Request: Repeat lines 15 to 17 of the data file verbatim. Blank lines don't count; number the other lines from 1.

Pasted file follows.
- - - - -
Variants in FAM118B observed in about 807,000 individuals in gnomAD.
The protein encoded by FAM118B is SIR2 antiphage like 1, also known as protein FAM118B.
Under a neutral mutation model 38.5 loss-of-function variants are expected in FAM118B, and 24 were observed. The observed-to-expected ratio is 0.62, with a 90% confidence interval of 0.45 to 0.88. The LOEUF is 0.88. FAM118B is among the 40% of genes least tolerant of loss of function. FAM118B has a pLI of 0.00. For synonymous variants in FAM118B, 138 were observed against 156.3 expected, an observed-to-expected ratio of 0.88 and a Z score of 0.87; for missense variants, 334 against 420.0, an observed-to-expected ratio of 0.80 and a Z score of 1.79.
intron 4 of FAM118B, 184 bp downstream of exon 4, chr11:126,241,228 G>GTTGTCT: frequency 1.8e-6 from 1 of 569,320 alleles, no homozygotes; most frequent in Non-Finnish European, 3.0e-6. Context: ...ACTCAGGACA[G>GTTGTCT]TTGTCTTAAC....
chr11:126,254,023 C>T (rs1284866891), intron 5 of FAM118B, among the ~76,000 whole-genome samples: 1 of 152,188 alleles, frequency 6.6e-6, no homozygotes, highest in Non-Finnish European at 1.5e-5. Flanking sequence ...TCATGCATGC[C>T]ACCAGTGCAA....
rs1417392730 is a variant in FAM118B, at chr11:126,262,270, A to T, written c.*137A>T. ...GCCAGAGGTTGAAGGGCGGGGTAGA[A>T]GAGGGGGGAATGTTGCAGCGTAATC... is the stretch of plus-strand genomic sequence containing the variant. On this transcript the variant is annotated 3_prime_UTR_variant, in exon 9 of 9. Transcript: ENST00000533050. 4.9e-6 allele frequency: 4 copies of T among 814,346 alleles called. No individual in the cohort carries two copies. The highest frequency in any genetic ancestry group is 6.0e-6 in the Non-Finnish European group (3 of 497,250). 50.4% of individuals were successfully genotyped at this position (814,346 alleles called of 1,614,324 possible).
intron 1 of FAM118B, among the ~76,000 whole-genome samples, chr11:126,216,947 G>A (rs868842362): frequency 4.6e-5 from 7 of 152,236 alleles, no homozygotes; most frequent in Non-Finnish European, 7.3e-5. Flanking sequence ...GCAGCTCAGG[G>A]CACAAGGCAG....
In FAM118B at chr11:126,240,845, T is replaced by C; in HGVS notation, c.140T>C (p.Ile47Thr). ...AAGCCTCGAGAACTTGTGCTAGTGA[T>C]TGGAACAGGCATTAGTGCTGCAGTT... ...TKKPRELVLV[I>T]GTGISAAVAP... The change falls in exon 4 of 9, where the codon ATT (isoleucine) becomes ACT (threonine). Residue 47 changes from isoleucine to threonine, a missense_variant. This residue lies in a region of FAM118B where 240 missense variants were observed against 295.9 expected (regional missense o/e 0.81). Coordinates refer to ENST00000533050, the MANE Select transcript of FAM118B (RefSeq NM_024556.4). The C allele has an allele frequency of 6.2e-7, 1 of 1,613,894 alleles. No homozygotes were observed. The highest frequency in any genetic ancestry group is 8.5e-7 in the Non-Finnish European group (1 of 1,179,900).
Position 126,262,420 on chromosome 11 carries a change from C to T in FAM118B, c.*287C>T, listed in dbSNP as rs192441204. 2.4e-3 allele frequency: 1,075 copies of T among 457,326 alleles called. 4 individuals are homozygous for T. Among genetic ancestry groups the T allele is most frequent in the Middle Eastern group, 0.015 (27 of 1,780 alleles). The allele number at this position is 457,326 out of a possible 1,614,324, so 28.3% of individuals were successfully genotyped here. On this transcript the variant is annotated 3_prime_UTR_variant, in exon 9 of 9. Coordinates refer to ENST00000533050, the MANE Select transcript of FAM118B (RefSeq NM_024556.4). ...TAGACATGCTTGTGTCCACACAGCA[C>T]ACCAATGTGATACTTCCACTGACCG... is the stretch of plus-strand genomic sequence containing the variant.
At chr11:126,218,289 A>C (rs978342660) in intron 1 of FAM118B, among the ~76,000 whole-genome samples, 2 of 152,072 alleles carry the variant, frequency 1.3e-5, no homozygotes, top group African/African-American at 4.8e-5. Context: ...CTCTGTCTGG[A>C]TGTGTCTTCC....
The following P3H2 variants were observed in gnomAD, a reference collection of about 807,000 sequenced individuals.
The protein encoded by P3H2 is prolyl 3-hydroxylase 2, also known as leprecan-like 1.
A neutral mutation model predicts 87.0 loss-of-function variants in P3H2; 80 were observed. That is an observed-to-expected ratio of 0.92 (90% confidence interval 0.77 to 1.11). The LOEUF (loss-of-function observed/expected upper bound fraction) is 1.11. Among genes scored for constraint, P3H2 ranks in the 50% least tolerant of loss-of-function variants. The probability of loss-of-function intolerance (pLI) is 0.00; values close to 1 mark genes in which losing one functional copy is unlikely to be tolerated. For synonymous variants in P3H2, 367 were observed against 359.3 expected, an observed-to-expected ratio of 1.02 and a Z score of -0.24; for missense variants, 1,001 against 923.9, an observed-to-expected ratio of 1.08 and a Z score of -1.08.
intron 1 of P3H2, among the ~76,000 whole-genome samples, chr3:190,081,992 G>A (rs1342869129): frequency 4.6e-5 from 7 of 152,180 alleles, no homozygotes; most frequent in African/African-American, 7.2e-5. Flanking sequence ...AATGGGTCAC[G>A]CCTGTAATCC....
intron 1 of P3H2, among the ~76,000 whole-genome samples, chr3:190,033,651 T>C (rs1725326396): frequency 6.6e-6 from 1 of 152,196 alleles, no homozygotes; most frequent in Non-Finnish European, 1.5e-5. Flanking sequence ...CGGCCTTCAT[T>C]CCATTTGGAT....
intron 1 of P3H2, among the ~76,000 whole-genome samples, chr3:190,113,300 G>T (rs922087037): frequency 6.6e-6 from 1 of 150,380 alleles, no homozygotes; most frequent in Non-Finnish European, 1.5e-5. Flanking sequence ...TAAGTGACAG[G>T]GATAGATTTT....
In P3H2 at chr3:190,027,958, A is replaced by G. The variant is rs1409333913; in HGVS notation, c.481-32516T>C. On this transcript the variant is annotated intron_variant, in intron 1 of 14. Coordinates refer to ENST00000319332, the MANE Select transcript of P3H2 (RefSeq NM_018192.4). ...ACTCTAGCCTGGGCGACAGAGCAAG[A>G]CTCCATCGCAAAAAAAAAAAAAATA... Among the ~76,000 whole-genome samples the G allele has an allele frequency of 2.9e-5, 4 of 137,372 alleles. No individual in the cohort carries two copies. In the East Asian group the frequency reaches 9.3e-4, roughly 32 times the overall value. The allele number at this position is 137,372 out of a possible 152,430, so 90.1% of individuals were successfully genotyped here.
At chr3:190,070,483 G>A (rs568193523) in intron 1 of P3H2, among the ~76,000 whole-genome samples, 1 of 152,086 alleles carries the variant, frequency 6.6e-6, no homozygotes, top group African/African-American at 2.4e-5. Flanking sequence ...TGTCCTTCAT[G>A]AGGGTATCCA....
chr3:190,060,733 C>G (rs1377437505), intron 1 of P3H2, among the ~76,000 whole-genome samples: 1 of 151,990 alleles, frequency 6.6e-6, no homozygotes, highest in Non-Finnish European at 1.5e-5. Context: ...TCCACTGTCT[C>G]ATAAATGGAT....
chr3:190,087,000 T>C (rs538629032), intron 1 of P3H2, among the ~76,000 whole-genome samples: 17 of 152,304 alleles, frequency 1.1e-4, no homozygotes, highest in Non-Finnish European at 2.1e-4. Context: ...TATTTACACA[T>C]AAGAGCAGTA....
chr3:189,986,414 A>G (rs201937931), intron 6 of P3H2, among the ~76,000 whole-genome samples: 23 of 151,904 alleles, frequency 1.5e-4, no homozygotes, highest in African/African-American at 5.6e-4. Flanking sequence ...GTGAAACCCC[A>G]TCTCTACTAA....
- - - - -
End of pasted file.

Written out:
intron 1 of P3H2, among the ~76,000 whole-genome samples, chr3:190,033,651 T>C (rs1725326396): frequency 6.6e-6 from 1 of 152,196 alleles, no homozygotes; most frequent in Non-Finnish European, 1.5e-5. Flanking sequence ...CGGCCTTCAT[T>C]CCATTTGGAT....
intron 1 of P3H2, among the ~76,000 whole-genome samples, chr3:190,113,300 G>T (rs922087037): frequency 6.6e-6 from 1 of 150,380 alleles, no homozygotes; most frequent in Non-Finnish European, 1.5e-5. Flanking sequence ...TAAGTGACAG[G>T]GATAGATTTT....
In P3H2 at chr3:190,027,958, A is replaced by G. The variant is rs1409333913; in HGVS notation, c.481-32516T>C. On this transcript the variant is annotated intron_variant, in intron 1 of 14. Coordinates refer to ENST00000319332, the MANE Select transcript of P3H2 (RefSeq NM_018192.4). ...ACTCTAGCCTGGGCGACAGAGCAAG[A>G]CTCCATCGCAAAAAAAAAAAAAATA... Among the ~76,000 whole-genome samples the G allele has an allele frequency of 2.9e-5, 4 of 137,372 alleles. No individual in the cohort carries two copies. In the East Asian group the frequency reaches 9.3e-4, roughly 32 times the overall value. The allele number at this position is 137,372 out of a possible 152,430, so 90.1% of individuals were successfully genotyped here.